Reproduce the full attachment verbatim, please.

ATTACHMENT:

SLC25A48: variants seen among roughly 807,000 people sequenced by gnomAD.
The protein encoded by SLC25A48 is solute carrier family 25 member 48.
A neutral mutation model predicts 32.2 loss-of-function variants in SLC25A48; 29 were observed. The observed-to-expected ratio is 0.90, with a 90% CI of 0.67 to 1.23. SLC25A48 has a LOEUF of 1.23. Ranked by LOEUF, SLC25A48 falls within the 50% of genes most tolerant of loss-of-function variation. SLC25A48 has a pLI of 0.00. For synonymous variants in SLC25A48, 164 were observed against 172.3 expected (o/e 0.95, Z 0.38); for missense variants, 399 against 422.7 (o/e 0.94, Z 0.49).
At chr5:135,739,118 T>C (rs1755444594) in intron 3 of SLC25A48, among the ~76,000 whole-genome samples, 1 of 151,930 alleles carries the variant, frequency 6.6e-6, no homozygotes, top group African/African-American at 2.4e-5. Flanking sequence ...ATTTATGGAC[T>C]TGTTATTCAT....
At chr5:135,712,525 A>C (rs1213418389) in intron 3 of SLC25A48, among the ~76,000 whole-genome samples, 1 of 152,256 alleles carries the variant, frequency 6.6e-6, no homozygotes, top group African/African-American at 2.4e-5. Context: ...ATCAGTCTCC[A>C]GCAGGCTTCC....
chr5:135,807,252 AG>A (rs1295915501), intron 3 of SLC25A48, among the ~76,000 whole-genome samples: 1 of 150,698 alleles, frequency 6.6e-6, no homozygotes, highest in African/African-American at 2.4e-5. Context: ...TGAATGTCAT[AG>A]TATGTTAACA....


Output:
SLC25A48: variants seen among roughly 807,000 people sequenced by gnomAD.
The protein encoded by SLC25A48 is solute carrier family 25 member 48.
A neutral mutation model predicts 32.2 loss-of-function variants in SLC25A48; 29 were observed. The observed-to-expected ratio is 0.90, with a 90% CI of 0.67 to 1.23. SLC25A48 has a LOEUF of 1.23. Ranked by LOEUF, SLC25A48 falls within the 50% of genes most tolerant of loss-of-function variation. SLC25A48 has a pLI of 0.00. For synonymous variants in SLC25A48, 164 were observed against 172.3 expected (o/e 0.95, Z 0.38); for missense variants, 399 against 422.7 (o/e 0.94, Z 0.49).
At chr5:135,739,118 T>C (rs1755444594) in intron 3 of SLC25A48, among the ~76,000 whole-genome samples, 1 of 151,930 alleles carries the variant, frequency 6.6e-6, no homozygotes, top group African/African-American at 2.4e-5. Flanking sequence ...ATTTATGGAC[T>C]TGTTATTCAT....
At chr5:135,712,525 A>C (rs1213418389) in intron 3 of SLC25A48, among the ~76,000 whole-genome samples, 1 of 152,256 alleles carries the variant, frequency 6.6e-6, no homozygotes, top group African/African-American at 2.4e-5. Context: ...ATCAGTCTCC[A>C]GCAGGCTTCC....
chr5:135,807,252 AG>A (rs1295915501), intron 3 of SLC25A48, among the ~76,000 whole-genome samples: 1 of 150,698 alleles, frequency 6.6e-6, no homozygotes, highest in African/African-American at 2.4e-5. Context: ...TGAATGTCAT[AG>A]TATGTTAACA....